October 30, 2017

The Same Tides That Rise May Also Fall

A report from the Portland Tribune in Oregon. “A national expert says Portland faces many of the same problems as other cities with availability and affordability of housing. But Christopher Herbert said a couple of factors — rising prices and rents, and gentrification of neighborhoods — put Portland’s problems ‘a bit on steroids’ and make it ‘ground zero’ for a rapidly changing urban area. Herbert said it’s difficult to turn around a market with increasing costs and limited supply in an era when growth of household incomes has failed to keep pace. ‘In order to solve it, we need to work on both,’ Herbert said at the City Club of Portland. ‘We need to work on how to get incomes up — and for those who can’t get their incomes up, we need to work on subsidies — and on the price side, we need to get the cost of housing down.’”

“In Portland, Herbert said, the median home price is now five times the median household income — the point at which half are above and half below — compared with a national average of three times. That ratio is equal to Boston’s. During the housing bubble before the 2008 recession, Herbert said, Portland’s ratio was 4.5 to 1. According to the center’s 2017 report, home prices in Portland and other major West Coast cities rose 40 percent or more in inflation-adjusted dollars between 2000 and 2016 — increases comparable to parts of the Northeast.”

“Supply has not kept pace with demand — and Herbert said about 11 million people say they pay 50 percent or more of their incomes for housing, well above the 30-percent mark defined by federal guidelines as ‘affordable.’ ‘It does not leave much left over to pay for food, health care, transportation and other necessities of life,’ he said. There is construction, he added, ‘but only at the high end’ for 1.6 million renters with household incomes topping $100,000. ‘We are building for them. That market is getting saturated,’ Herbert said. ‘We haven’t been building for the rest.’”

From KJZZ in Arizona. “If you drive around the Arcadia neighborhood in east Phoenix, you’ll be hard pressed to find a house that hasn’t been renovated recently. Austin King is a local developer and lives in this neighborhood. ‘The amount of construction, the fences around houses, I mean just, it’s everywhere,’ King said.”

“According to Trulia, home prices in Maricopa County have increased by 83 percent, on average, since 2011. For perspective, King hits the rewind button. ‘It was shooting fish in a barrel. Literally, if you tried you could buy two or three homes in one day,’ he said, adding the fallout made for some crazy times in home buying if you had the money to invest. Those conditions were created, in part, because there was a giant glut of homes here in the valley. ‘By some estimates we overbuilt by 100,000 housing units,’ said Mark Stapp, the director of the Center for Real Estate Theory at Arizona State University.”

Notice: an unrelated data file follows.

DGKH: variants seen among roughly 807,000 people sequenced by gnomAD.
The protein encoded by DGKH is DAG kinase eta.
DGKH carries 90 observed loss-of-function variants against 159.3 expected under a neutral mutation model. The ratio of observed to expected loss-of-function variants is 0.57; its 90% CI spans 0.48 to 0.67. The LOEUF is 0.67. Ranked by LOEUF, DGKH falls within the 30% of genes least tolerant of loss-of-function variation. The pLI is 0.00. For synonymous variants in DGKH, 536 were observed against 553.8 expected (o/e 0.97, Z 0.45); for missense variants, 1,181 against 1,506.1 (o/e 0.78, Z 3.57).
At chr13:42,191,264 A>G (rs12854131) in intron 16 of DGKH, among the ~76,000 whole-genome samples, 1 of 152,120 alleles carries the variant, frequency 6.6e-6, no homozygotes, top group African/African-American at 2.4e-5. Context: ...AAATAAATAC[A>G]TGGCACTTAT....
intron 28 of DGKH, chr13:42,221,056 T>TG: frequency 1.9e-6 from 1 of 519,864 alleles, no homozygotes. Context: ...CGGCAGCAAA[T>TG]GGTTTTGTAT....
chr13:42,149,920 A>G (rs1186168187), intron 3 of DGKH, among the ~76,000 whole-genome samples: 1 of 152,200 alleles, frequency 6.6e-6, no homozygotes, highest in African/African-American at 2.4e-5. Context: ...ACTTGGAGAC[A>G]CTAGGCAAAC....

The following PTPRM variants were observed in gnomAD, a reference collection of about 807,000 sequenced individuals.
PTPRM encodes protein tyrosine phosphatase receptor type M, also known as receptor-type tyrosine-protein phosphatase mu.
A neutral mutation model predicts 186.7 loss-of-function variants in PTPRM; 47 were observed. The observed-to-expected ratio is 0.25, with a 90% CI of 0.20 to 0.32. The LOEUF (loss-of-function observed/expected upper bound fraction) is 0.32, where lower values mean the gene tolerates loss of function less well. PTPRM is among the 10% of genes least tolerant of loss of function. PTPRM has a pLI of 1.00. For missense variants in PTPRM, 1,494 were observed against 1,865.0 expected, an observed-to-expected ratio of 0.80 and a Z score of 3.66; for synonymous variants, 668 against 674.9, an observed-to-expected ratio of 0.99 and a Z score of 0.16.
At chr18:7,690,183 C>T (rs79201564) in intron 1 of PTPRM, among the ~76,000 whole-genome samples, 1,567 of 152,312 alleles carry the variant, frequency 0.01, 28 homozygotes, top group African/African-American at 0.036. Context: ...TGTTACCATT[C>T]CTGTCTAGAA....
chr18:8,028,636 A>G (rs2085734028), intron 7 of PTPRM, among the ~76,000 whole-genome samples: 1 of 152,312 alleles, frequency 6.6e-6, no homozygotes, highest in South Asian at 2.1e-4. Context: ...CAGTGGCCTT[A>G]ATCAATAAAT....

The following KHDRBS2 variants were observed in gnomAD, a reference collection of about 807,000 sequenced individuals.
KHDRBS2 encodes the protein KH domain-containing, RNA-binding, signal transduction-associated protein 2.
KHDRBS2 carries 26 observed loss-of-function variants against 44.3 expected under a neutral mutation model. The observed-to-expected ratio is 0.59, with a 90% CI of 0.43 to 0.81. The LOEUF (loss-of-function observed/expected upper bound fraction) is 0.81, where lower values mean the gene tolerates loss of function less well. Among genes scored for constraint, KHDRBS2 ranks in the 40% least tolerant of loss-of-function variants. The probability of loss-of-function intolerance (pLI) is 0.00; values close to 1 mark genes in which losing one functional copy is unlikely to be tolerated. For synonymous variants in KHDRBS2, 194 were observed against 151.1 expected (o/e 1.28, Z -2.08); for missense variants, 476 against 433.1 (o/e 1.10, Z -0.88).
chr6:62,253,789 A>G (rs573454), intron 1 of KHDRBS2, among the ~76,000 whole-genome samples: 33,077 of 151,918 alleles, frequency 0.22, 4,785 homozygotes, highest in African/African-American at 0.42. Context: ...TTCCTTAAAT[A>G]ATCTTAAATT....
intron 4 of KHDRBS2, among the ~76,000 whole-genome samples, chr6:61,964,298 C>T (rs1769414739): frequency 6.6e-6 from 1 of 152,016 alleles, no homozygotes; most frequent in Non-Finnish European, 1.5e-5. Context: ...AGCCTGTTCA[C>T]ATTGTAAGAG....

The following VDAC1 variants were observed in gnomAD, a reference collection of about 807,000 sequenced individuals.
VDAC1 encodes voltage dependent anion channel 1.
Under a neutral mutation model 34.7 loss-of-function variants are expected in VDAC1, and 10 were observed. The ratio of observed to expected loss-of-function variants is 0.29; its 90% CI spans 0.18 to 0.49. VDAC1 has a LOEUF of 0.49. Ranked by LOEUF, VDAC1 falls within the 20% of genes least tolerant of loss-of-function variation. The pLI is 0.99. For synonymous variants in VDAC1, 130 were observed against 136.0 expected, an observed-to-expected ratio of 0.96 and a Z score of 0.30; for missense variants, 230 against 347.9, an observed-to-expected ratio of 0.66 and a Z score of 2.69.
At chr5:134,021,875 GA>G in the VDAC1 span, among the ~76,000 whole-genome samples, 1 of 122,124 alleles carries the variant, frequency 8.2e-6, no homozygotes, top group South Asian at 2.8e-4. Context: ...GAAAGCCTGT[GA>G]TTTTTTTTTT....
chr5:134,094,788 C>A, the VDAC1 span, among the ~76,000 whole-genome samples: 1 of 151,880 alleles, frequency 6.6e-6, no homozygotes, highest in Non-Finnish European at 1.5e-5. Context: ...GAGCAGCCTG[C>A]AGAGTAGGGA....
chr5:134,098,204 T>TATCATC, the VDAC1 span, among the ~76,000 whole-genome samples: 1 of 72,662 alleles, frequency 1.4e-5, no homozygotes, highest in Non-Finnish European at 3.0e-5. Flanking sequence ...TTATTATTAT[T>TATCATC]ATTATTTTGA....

“To get a better idea of just how much things have changed across the valley KJZZ and our partners at the Arizona Center for Investigative Reporting ran the numbers. ‘We saw a couple of census tracts where the price per square foot increased sometimes two or three times,’ said Evan Wyloge, a reporter with AZCIR. He said trends like this popped up all over the valley. Take Mesa for example. Home values there are up more than 160 percent since 2011.”

The Phoenix New Times in Arizona. “Metro Phoenix is one of the lowest-ranked areas for residents spending within their means, according to a new study. The report from LendingTree combined anonymous data from the company’s users with average household income numbers from the U.S. Census Bureau. Phoenix nearly bottomed out the list of the top 50 metropolitan areas, placing 48th. The report surmised that the housing bubble of the last decade hit Phoenix especially hard, with a large number of residents whose mortgages take up a large portion of their income. Other cities in the Southwest and California are also struggling under housing debt.”

“‘Like Las Vegas, Phoenix is still recovering from the housing bust of the late 2000s, and residents are stretched,’ the report says.”

“Yet unlike cities with higher average incomes, such as San Francisco, with residents who can support such mortgages, Phoenix has a lower-than-average household income among the 50 metro areas LendingTree examined. ‘The challenge in Phoenix, I would say, is mostly on the housing side,’ report author Brian Karimzad told Phoenix New Times. ‘Phoenix residents have housing debt balances, mortgage balances, that are 23 percent higher than the national average, but their incomes are lower than the national average,’ he said.”